end of the PVC pipe.




    Figure 3. Homemade wooden miter box used to cut PVC pipe. The slot accommo-
    dates the blade of a carpenter’s hand saw, and helps guide the cut squarely.

2) Using a hand saw or a hand-held electric jigsaw, cut two slits in the top end of
    the PVC tube. Each slit should be about 4 inches long. Space the slits on oppo-
    site sides of the pipe. The slits must be wide enough for ants to fit through. The
    slits accomplish two things: they serve as the entry/exit for the ants, and they
    prevent the top cap from becoming stuck on the PVC tube (Fig. 4).
3) Press the bottom styrene cap onto the end of the PVC pipe opposite of the end
    with the slits. The pieces will probably fit together very tightly without needing
    any glue, but they can be glued if necessary.
4) Press the top styrene cap into place, and make sure that it can be removed by                                                                                                          Figure 5. The remov-
    hand without difficulty; if too tight, cut the slits a little longer (Fig. 5).                                                                                                        able top cap and
5) Remove the top styrene cap, and place the clean pea gravel inside the hous-                                                                                                            fixed bottom caps
    ing; it should form an even layer about 1/2” deep on the bottom.                                                                                                                      shown installed.
6) Remove any food labels from the bottle.
7) Put proper warning and pesticide labels on the bottle and housing (Fig. 6).
8) Drill a 3/8” hole through the center of the plastic bottle cap; this creates a small
    exit hole for the bait solution, minimizing spillage when the bottle is installed in
    the housing.
9) Install the housing in the field; secure it vertically to a stake with wires or ties.
10) Fill the clean bottle with bait solution, and place the bottle cap with drilled hole
    onto the bottle. To place the filled bottle into the housing, in a quick motion in-
    vert the bottle upside down and insert it down into the housing, such that the
    bottle cap contacts the pea gravel (make sure that the housing’s top styrene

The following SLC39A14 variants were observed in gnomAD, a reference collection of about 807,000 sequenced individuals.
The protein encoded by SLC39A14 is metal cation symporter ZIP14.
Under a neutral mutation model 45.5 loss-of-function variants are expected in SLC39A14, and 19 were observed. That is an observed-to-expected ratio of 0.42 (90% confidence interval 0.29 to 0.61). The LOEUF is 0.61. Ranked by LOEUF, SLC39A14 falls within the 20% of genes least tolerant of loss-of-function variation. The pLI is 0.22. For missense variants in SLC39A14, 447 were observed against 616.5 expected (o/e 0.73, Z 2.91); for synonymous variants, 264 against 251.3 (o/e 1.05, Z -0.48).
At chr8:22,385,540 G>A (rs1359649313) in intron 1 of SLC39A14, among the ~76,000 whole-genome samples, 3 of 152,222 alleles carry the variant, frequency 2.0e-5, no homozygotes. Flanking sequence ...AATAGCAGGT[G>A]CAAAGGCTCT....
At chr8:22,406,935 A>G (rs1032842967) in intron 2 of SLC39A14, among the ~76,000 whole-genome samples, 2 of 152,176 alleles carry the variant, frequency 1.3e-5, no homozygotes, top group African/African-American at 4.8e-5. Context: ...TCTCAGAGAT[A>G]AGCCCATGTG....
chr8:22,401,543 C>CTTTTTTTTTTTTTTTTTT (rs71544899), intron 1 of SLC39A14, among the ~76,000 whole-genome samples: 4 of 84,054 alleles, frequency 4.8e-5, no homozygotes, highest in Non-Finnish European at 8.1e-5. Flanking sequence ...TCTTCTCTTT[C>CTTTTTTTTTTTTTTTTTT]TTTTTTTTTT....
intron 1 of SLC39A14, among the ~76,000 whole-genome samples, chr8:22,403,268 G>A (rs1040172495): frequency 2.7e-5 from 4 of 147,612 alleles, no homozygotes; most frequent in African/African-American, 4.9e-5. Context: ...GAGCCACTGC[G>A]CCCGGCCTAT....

cap is off before beginning this operation!). Do this quickly, as solution will begin
    to flow out of the bottle once it is inverted. The bait solution will flow out to fill
    the voids in the gravel layer, rising to the level of the bottle cap opening. If one
    needs to transport full bait bottles to the field, then have some additional non-
    drilled bottle caps available to seal the bottles securely while in transit.
11) The bait solution will automatically flow out of the bottle as the level in the gravel                                                                                                  Figure 6. Prepared
    media drops in response to ant feeding. When empty, the bottle can be re-                                                                                                               bottle. Note pesticide
    moved and replaced with a full bottle. The housing and gravel may need to be                                                                                                            labels, and the hole
    cleaned between bottle replacements.                                                                                                                                                    drilled in the bottle
                                                                                                                                                                                            cap.
Note on bottles:
A typical plastic soda or drinking water bottle will NOT work properly in this bait station. They are not
rigid enough, and will collapse (buckle inwards), allowing the solution to flow out unchecked. Be sure to
use a heavy-weight, rigid plastic bottle that does not deform.